A Sticky Situation? Or should the MLB get a grip?
By Tyler Smith
This June is shaping up to be a pretty eventful month for the sport of baseball. Some people are saying it’s going to be the biggest shake-up since the crackdown on steroids in the 90s. Sports Illustrated even called it “the new steroids”. On June 21, 2021, Major League Baseball banned pitchers from using foreign substances to give them an edge in games. According to the official MLB website, “Any pitchers who possess or applies foreign substances in violation of the rules will be ejected from the game… Starting pitchers will have more than one mandatory check per game, and relievers must be checked at the end of the inning that they entered the game or the inning that they are taken out of, whichever comes first”. This change comes on the heels of a problem that got too big for the MLB to ignore- pitchers gaining a tremendous advantage over batters and a skyrocketing strike-out rate.
It might seem strange to put the focus on the pitchers of the game. After all, the goal of baseball is to hit the ball really far. If anything in the game would be the most affected by players cheating, it would probably be that, right? Well, not exactly. You see, the game between a batter and a pitcher is more like a game of cards or chess. It is a constant guessing game of who’s going to do what. Will the pitcher throw a slider, a curve ball or a fastball? Will the batter sit on the pitch, swing at it hoping for the best, or just miss entirely. In chess, at the minimum you have thirty seconds to contemplate a move. In the batters box, you have less than a second.
If you didn’t know any better, it may just seem like the pitcher is throwing balls randomly and hoping none of them are hit. But a great pitcher can look at a batter and guess exactly how they are going to react. Pitchers who are good at their job can bait batters into trying to hit a ball that would be impossible to do anything with, throw balls that just seem to slide out of the way, or balls that are plain too fast for the human eye to process.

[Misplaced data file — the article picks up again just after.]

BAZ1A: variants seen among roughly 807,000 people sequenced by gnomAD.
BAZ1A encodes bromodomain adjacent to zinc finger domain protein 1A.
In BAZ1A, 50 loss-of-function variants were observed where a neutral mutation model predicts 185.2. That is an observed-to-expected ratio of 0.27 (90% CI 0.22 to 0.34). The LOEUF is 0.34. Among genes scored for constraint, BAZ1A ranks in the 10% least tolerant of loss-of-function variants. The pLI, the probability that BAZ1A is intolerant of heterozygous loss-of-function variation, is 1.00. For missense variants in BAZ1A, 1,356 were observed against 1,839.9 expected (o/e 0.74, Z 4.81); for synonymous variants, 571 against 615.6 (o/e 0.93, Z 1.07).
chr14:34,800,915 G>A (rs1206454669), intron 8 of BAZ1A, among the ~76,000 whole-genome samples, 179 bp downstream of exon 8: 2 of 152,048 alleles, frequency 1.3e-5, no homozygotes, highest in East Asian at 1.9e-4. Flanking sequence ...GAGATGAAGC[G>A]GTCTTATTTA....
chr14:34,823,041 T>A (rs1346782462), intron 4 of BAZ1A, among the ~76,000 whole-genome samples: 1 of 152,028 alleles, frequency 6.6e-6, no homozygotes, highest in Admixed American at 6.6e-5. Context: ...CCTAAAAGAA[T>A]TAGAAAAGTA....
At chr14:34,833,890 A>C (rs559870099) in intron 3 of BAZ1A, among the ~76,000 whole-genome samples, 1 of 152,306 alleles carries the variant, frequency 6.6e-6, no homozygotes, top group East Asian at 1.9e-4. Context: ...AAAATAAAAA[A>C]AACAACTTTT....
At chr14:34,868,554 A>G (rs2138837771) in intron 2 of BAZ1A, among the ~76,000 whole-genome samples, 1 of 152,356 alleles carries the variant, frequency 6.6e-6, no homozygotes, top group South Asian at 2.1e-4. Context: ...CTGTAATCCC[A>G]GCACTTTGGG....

As you can imagine, these mind games get pretty complex pretty quickly. Pitchers and catchers go to great lengths to keep their pitchers a secret until they fly over home plate. They usually hide their mouths with their gloves when they speak to the catchers, and the catchers have numbered sequences to signal what pitch they want. These sequences are usually switched up multiple times in a game to keep the other team from “stealing” them( a runner on second base might try to see the catcher's hand signals and relay them to the batter at home). Players have gone through quite the trouble to gain an edge over pitchers. The Houston Astros infamously cheated in the 2017 World Series against the Dodgers by using a camera to see the signs and then banging on trash cans to signal it to their batters. Pitchers in a way are the first line of defense against the opposing team. They, in a lot of ways, are directly responsible for the outcome of games. So, what happens when the pitcher is too good at their job?
A nearly impossible to counter advantage is what happens. The league batting average is at an all time low, .236 according to Sports Illustrated. For context, a batting average can be read something like “for every 10 pitches a batter is thrown, a batter will hit x amount of balls”. So, a batting average of .236 means that batters are only hitting around 2 out of 10 pitches. That’s not great, but as a point of reference, a batting average in the .300 range is excellent. Ted Williams was the last to have an average of .400 in 1941. Anyway, with the batting average being terribly low for the last few years and the strikeout rate being at an all time high, the MLB’s attention has turned to how pitchers “doctor” the ball. This is by no means a new problem, and there’s even rules against it, but the increase in sticky stuff has become way too big to ignore. Sports Illustrated reported that some managers say the sound of a ball leaving pitchers’ hands sounds like ripping off a band-aid.